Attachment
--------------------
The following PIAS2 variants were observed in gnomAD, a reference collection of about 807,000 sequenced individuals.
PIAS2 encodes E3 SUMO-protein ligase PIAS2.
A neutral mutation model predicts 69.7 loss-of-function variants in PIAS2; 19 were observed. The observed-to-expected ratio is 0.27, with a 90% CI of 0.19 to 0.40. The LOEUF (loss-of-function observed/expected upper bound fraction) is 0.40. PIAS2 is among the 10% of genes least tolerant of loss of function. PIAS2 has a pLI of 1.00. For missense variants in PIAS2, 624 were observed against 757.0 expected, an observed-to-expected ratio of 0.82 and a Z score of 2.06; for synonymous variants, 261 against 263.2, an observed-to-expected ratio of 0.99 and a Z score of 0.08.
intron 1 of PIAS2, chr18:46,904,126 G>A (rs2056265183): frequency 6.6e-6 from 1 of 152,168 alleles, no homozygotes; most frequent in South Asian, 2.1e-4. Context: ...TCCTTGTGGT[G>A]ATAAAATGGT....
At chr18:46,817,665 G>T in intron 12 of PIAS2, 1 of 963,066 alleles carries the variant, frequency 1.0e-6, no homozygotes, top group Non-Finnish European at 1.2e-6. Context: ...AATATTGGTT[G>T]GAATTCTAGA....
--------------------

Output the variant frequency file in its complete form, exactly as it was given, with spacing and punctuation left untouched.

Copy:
The following PIAS2 variants were observed in gnomAD, a reference collection of about 807,000 sequenced individuals.
PIAS2 encodes E3 SUMO-protein ligase PIAS2.
A neutral mutation model predicts 69.7 loss-of-function variants in PIAS2; 19 were observed. The observed-to-expected ratio is 0.27, with a 90% CI of 0.19 to 0.40. The LOEUF (loss-of-function observed/expected upper bound fraction) is 0.40. PIAS2 is among the 10% of genes least tolerant of loss of function. PIAS2 has a pLI of 1.00. For missense variants in PIAS2, 624 were observed against 757.0 expected, an observed-to-expected ratio of 0.82 and a Z score of 2.06; for synonymous variants, 261 against 263.2, an observed-to-expected ratio of 0.99 and a Z score of 0.08.
intron 1 of PIAS2, chr18:46,904,126 G>A (rs2056265183): frequency 6.6e-6 from 1 of 152,168 alleles, no homozygotes; most frequent in South Asian, 2.1e-4. Context: ...TCCTTGTGGT[G>A]ATAAAATGGT....
At chr18:46,817,665 G>T in intron 12 of PIAS2, 1 of 963,066 alleles carries the variant, frequency 1.0e-6, no homozygotes, top group Non-Finnish European at 1.2e-6. Context: ...AATATTGGTT[G>T]GAATTCTAGA....